Feb. 7, 2014

By Jeff White (jwhite@virginia.edu)

CHARLOTTESVILLE — After more than three decades as a head coach, Dom Starsia probably thought he’d seen everything on the lacrosse field. Then came the opening game of his 22nd season at UVa, where he has won four NCAA titles.

“I can’t remember a game quite like this,” Starsia said after his team’s 14-13 victory over Loyola (Md.) on a chilly Thursday night at Klöckner Stadium.

“I’ve had some games where there’s a severe momentum swing, but not to this degree, and not with a sense of one team being able to make every play.”

At the end of the first quarter, the teams were tied 4-4. At the end of the third quarter, the seventh-ranked Cavaliers led 12-4.

Loyola’s response? The 12th-ranked Greyhounds scored nine unanswered goals, the last coming with 17.2 seconds left in the fourth quarter.

Virginia’s response? The Wahoos tied the game on a goal by junior midfielder Ryan Tucker with one-tenth of a second left in the regulation, a play over which the officials deliberated for what seemed an eternity before ruling the ball had crossed the goal line before the horn sounded.

“Maybe I’m crazy, and I may have some bias on this,” Starsia said, “but I’m certain that the buzzer went off after the ball went in the goal. I heard it clearly. The referee was standing next to me, and so I thought they got it right on that call.”

In overtime, Loyola never had possession. Junior Mick Parks won the faceoff for UVa. The Cavaliers missed their first three shots in OT — the first by senior midfielder Rob Emery, the second by sophomore middie Greg Coholan, the third by Tucker — but the fourth found its mark.

Sophomore attackman James Pannell, who had assisted Tucker on the goal that sent the game to overtime, fired an outside shot at the cage. Loyola goalie Pat McErnerney got a stick on it, but the ball continued across the line to end an epic opener 1:44 into the extra period.

“Thank God it went in,” said Pannell, who finished with a career-high four goals and added an assist.

In the second and third quarters, the `Hoos could do little wrong at either end. Freshman goalie Matt Barrett stopped all three shots he faced, UVa’s offense overwhelmed the Greyhounds’ defense, and Parks held the edge at the faceoff-X.

In the fourth quarter, however, everything changed. Loyola (0-1) beginning controlling the faceoffs and scored five goals before Virginia even had its first possession.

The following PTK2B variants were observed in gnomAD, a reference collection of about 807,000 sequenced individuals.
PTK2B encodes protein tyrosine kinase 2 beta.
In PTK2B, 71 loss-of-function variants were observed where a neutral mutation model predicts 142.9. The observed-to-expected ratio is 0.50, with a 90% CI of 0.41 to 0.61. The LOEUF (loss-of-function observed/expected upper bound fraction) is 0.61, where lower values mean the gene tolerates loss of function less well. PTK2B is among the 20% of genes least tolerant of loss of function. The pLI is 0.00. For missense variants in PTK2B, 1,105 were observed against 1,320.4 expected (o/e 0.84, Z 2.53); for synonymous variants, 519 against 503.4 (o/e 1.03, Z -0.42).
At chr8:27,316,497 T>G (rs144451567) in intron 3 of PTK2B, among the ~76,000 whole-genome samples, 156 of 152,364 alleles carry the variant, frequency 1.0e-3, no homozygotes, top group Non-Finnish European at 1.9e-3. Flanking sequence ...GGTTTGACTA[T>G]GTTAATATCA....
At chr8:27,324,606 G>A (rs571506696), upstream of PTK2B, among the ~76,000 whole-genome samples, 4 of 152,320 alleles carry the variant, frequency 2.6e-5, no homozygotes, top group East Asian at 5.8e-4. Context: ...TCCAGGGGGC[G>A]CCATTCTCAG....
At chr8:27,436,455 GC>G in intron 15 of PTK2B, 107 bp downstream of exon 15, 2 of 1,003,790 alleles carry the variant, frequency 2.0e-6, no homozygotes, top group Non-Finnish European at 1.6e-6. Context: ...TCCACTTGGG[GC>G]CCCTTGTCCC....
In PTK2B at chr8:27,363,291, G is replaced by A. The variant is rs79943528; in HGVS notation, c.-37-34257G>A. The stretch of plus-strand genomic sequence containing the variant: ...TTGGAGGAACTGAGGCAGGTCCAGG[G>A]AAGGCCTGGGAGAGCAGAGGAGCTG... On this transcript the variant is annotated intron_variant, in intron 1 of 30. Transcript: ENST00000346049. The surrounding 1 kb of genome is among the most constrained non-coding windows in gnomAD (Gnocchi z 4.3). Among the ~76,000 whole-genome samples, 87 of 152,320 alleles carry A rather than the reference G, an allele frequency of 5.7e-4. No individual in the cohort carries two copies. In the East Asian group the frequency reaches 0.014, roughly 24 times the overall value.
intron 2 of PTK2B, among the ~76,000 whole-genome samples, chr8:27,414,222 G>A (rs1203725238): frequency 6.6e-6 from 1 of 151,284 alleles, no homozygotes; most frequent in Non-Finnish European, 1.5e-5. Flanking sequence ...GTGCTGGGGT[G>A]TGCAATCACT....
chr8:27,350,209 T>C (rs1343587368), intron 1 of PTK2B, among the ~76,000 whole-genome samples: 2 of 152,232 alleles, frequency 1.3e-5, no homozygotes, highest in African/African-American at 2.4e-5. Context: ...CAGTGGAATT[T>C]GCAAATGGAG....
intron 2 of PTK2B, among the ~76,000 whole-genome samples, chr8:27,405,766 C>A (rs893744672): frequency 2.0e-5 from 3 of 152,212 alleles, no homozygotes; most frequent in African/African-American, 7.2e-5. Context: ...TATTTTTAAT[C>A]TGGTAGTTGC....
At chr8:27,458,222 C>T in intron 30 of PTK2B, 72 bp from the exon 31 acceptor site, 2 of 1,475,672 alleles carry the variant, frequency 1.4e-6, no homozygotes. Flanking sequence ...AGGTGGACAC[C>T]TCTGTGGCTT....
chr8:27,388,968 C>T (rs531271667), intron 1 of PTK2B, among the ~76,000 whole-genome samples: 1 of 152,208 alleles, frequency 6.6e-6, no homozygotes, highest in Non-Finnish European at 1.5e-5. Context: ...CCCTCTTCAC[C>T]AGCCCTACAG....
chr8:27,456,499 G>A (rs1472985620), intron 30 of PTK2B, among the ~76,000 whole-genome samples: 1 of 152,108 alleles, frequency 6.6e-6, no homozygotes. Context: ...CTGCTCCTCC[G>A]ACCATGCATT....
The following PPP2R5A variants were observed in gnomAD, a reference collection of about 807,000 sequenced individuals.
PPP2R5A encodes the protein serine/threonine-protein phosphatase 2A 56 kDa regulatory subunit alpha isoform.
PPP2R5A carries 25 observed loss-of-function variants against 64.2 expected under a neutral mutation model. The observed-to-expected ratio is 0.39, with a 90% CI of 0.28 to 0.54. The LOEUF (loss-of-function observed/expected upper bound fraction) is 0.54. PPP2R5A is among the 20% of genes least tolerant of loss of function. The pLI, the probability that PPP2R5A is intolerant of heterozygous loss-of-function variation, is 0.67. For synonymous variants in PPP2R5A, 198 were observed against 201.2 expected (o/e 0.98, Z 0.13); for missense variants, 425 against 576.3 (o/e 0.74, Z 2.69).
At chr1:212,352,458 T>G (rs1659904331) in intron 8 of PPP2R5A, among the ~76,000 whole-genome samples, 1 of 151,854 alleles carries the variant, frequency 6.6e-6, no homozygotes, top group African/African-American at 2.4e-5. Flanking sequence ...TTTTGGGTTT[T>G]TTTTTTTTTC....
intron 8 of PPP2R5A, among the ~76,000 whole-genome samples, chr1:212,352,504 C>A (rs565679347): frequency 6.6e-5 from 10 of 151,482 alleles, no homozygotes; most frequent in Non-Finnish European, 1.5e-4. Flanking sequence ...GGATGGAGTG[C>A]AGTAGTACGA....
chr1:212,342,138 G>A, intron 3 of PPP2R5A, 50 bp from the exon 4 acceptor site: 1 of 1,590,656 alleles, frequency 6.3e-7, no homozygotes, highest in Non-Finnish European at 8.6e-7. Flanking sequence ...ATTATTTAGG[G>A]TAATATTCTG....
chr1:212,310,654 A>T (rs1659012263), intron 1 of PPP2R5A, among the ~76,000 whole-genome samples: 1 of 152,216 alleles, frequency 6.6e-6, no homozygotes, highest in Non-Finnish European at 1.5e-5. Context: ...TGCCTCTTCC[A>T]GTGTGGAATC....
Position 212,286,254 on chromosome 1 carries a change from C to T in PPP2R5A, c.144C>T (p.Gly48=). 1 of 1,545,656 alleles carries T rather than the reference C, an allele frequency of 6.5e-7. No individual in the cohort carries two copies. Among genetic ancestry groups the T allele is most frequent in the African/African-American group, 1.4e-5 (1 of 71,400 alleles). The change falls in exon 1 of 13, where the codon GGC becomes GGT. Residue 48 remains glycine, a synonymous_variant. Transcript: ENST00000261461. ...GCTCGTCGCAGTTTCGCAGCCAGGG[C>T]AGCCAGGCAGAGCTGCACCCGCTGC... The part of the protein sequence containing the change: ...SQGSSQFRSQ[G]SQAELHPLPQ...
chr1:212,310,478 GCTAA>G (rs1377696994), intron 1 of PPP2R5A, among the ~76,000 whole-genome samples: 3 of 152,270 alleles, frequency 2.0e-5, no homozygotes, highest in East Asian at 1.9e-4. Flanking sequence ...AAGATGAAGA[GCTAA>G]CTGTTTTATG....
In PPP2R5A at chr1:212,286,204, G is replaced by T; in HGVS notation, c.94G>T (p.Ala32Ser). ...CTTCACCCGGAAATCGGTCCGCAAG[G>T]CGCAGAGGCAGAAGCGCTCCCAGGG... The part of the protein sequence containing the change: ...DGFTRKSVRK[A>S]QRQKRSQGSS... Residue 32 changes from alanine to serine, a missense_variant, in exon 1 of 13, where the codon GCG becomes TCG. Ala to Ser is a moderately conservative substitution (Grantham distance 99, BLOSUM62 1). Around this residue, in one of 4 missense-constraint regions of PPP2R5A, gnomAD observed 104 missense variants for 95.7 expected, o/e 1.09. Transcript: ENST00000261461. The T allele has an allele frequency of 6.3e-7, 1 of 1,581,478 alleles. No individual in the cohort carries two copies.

“We just couldn’t get the ball,” Starsia said. “I didn’t feel like we stopped playing. There was no conscious letting our guard down, really. They just started making plays.”

The Greyhounds pulled to 12-10 at the 8:45 mark and to 12-11 about two minutes later. They tied the game with 2:30 to play. Barrett stopped a point-blank shot with 1:12 left, but Loyola retained possession. In the final minute, Virginia defenseman Scott McWilliams, an All-America candidate, deflected a pass, but the ball went directly to Tyler Albrecht, whose shot beat Barrett to give the Greyhounds their first lead since the opening quarter.

Watching that sequence, Starsia said later, “there was obviously a sense of helplessness standing on the sideline. There wasn’t a lot that we could do about it. We were fortunate, obviously, to make some plays at the very end.”

When his team needed him most, Parks delivered, winning the game’s final two draws, and his teammates did the rest against a formidable opponent. The Greyhounds were NCAA champions in 2012.

“Gotta give Loyola a bunch of credit,” Pannell said. “That was a great comeback by them. We fell asleep a little bit. It was tough. Mick was struggling a little bit, but we never give up on him. He won the last one. That was the one that mattered to get us into overtime, and he won that one, too. That’s all that really matters.”

Senior attackman Mark Cockerton, blanketed all game by Loyola senior Joe Fletcher, perhaps the college game’s top defenseman, still found a way to score three goals. Tucker and Emery added two apiece.

Tucker’s first, with 4:31 left in the second quarter, gave Virginia a 6-4 lead. His second, which was featured on ESPN’s SportsCenter, could not have been more dramatic. For a moment, it appeared Virginia would not get off a shot before time expired in the fourth quarter, but Cockerton, unable to get his hands free, passed to Pannell, who heard Tucker yell and flipped the ball over to him.

“I’ve never shot so hard in my life,” Tucker said. “I closed my eyes and let loose.”

After Tucker’s apparent goal, the officials huddled while players, coaches and spectactors waited anxiously for a ruling.

“It was crazy,” Barrett said. “Everyone was just staring at the refs, waiting to see what they saying. No one was saying anything. It was really tense. I didn’t really get a good look at the goal, so I had no idea what they were going to say.

“It was nice to see them put their hands up.”

Pannell’s game-winner in OT triggered a wild celebration on the field among UVa’s players. On Friday their attention turns to their next opponent — Richmond.

The Cavaliers meet the Spiders at 1 p.m. Saturday at Robins Stadium in Richmond. The game will be UR’s first as a varsity team.

For Barrett, it will be his second college game. He made eight saves Thursday night in his debut.

“It was a lot of fun, the whole game,” he said. “It was really competitive. It was a great way to start my career. It got a little scary at times, but overall I thought we played well.”

The fourth quarter was an adventure for all the Cavaliers, but the 6-0, 220-pound Barrett is “a very unflappable guy,” Starsia said. “It’s one of the things you like about him. He’s kind of a big teddy bear. I’m not sure this sets him back on his heels as much as it might you and I. I would expect him to bounce back and be ready to play Saturday.”